Delivering families the news of a death or a severe accident isn’t the easiest task for law enforcement officials, so dozens of departments across New Jersey have enlisted outside help to deal with these and other sensitive situations.

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Police chaplains are serving as a bridge between law enforcement and families. They’re trained in crisis intervention and are on call 24-7 as volunteers.

Towns throughout New Jersey – Jackson, Maple Shade, Millville and Stafford, for example – use the chaplains as emotional backup on calls that may be difficult for a cop to handle on their own.

“We’re there for anything and everything,” said Gary Holden, CEO of The Police Chaplain Program of New Jersey.

A chaplain, who must also be a credentialed clergyperson, could be utilized on a domestic call or when a youth is arrested for a severe crime. Perhaps when they’re most needed, though, is in the event of a sudden death.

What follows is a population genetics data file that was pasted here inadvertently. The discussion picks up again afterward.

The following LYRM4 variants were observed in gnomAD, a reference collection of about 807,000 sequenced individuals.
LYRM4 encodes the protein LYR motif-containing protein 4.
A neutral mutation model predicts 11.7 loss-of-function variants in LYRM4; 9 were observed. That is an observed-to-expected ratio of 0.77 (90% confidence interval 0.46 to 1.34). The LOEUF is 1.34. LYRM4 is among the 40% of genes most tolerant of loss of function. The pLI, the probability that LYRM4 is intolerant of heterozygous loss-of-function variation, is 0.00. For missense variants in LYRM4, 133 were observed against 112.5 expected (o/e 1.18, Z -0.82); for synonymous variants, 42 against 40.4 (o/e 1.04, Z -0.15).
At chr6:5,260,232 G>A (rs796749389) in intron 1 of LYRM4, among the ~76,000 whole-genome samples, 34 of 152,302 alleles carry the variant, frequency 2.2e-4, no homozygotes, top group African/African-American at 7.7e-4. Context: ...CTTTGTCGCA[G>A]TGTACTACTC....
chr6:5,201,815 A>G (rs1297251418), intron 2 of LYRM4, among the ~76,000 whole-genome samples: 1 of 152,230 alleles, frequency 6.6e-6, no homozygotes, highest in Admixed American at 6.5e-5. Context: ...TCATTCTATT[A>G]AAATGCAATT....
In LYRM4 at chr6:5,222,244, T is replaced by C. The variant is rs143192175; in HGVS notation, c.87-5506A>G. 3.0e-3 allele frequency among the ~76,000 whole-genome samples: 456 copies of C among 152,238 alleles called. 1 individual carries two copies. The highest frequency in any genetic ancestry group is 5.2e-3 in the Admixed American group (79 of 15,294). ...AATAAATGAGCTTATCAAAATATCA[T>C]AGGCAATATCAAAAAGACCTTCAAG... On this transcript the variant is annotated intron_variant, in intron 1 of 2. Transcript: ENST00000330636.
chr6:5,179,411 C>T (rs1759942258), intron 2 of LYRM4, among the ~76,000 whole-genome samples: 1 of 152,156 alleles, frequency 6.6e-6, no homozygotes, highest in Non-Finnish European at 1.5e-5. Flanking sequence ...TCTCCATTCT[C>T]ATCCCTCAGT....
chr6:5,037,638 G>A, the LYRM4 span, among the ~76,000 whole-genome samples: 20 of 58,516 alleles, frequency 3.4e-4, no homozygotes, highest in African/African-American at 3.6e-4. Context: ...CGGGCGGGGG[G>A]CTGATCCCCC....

“We would do death notifications,” Holden said. “We would go with the police to notify the family.”

It takes a special person to deliver this kind of news, as well as a special approach. Holden said their training devotes a course completely to death notifications.

The New Jersey group offers an intense, two-day training program for would-be chaplains. In the past three years, according to Holden, they’ve trained up to 600 people.

About 50 New Jersey police departments have a chaplain program in place, with dozens more pending.

Although chaplains are members of a certain faith, they serve on a non-sectarian basis in the field.

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